When a house is bought or sold, the prospective purchaser makes what are called ‘pre-contract enquiries’ in order to establish the exact details of the property being bought. These are normally in the form of a standard set of questions with any necessary amendments.
However, the fact that the questions raised are in standard form does not mean this can be treated as just a ‘form-filling’ exercise by the vendor, because the law of misrepresentation may apply where any response made is sufficiently at variance with the truth.
For the contract to purchase to have been procured by misrepresentation, it is necessary that the seller has made a reply which is factually untrue, as a result of which the buyer has entered into the contact to his or her detriment.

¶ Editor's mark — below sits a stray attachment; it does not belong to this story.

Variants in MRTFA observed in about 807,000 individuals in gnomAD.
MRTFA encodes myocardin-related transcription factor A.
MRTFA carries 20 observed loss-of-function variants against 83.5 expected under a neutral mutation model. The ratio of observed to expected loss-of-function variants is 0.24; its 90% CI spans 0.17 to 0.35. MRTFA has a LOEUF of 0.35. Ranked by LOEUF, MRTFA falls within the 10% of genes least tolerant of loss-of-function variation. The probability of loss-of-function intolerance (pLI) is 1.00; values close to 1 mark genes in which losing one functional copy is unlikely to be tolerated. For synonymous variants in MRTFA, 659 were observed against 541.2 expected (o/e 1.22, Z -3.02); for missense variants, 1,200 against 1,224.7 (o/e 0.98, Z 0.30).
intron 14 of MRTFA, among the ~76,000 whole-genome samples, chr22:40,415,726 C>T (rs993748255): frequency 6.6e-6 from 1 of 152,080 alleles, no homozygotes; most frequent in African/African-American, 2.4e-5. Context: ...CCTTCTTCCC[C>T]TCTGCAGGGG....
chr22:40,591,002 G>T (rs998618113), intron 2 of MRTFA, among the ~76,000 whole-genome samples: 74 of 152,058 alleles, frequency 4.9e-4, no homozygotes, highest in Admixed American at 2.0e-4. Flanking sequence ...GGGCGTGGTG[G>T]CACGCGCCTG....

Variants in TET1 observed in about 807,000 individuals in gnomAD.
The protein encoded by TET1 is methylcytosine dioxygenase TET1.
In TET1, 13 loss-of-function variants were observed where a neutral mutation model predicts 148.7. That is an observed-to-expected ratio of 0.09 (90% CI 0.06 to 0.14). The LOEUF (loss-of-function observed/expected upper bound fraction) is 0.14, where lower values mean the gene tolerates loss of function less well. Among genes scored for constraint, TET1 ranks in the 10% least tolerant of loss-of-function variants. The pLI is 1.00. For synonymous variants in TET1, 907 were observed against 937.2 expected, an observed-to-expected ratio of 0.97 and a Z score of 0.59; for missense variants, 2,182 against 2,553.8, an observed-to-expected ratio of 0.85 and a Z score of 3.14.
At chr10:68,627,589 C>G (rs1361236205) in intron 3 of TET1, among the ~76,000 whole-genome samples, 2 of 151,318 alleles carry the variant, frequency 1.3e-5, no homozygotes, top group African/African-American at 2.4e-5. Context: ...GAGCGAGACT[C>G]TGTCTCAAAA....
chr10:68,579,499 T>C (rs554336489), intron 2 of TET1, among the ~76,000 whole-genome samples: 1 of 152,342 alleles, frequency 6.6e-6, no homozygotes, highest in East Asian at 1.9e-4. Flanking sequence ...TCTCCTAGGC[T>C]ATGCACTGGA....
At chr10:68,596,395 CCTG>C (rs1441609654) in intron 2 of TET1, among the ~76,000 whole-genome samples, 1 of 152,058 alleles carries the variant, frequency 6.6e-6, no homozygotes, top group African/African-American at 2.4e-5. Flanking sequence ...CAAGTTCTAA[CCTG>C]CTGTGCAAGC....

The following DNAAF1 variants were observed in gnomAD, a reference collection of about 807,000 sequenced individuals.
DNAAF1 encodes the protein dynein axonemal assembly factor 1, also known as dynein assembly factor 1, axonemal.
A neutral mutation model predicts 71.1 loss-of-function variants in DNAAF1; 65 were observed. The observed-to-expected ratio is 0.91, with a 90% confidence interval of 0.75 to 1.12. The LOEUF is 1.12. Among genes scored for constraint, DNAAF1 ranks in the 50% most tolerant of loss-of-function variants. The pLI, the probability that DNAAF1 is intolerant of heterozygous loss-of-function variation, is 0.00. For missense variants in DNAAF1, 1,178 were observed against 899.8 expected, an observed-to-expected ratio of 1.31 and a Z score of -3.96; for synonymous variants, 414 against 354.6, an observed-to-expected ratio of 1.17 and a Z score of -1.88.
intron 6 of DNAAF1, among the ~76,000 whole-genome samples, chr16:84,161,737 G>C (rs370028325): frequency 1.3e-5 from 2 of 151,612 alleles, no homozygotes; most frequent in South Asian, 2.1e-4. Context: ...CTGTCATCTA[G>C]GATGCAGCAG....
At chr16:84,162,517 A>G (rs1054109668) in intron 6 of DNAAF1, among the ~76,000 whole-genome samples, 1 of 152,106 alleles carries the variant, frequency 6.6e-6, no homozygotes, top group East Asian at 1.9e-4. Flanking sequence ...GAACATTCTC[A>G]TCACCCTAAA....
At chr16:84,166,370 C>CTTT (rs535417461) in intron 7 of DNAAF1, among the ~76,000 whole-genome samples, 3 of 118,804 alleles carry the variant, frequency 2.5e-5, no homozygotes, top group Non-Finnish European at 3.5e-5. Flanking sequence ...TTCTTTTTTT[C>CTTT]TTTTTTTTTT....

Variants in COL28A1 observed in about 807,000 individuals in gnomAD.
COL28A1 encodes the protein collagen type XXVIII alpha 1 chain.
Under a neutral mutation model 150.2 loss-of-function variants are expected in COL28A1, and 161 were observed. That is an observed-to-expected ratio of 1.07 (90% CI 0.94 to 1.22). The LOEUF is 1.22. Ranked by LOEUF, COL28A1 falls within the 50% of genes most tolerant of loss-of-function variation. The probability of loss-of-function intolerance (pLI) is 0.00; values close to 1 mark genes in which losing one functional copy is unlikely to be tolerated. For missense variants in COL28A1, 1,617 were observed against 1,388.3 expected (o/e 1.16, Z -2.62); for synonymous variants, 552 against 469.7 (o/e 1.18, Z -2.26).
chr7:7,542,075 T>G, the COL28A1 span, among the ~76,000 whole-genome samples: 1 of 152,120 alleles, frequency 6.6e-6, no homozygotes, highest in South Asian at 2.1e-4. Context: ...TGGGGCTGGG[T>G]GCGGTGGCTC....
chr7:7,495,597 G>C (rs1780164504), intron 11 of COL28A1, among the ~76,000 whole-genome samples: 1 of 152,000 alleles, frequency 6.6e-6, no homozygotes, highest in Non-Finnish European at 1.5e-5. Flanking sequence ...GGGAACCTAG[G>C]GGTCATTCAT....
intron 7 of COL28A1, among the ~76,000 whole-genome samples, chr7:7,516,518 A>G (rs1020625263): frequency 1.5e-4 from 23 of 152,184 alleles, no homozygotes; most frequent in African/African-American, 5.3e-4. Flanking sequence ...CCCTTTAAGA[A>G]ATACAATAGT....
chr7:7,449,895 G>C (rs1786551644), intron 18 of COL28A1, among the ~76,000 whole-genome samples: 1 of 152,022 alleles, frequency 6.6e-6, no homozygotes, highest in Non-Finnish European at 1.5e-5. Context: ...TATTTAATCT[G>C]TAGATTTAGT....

A person induced into entering into a contract by misrepresentation may be entitled to damages or to rescind the contract. Attempts to limit liability for errors and mistakes in replies to pre-contract enquiries will normally only be upheld by the courts if the limitation is reasonable.
It is particularly common, it seems, for vendors to fail to disclose known structural defects and long-running disputes with neighbours. Knowingly making a false claim or failing to disclose a salient fact can be a dangerous strategy.
A purchaser can go some way to protecting his or her position by making sure any particular questions on which they wish to have specific assurances are clearly put to the vendor. Some risks (such as title defects) can be insured against.
For advice on all aspects of the law relating to buying or selling property, contact Andrew Hunter.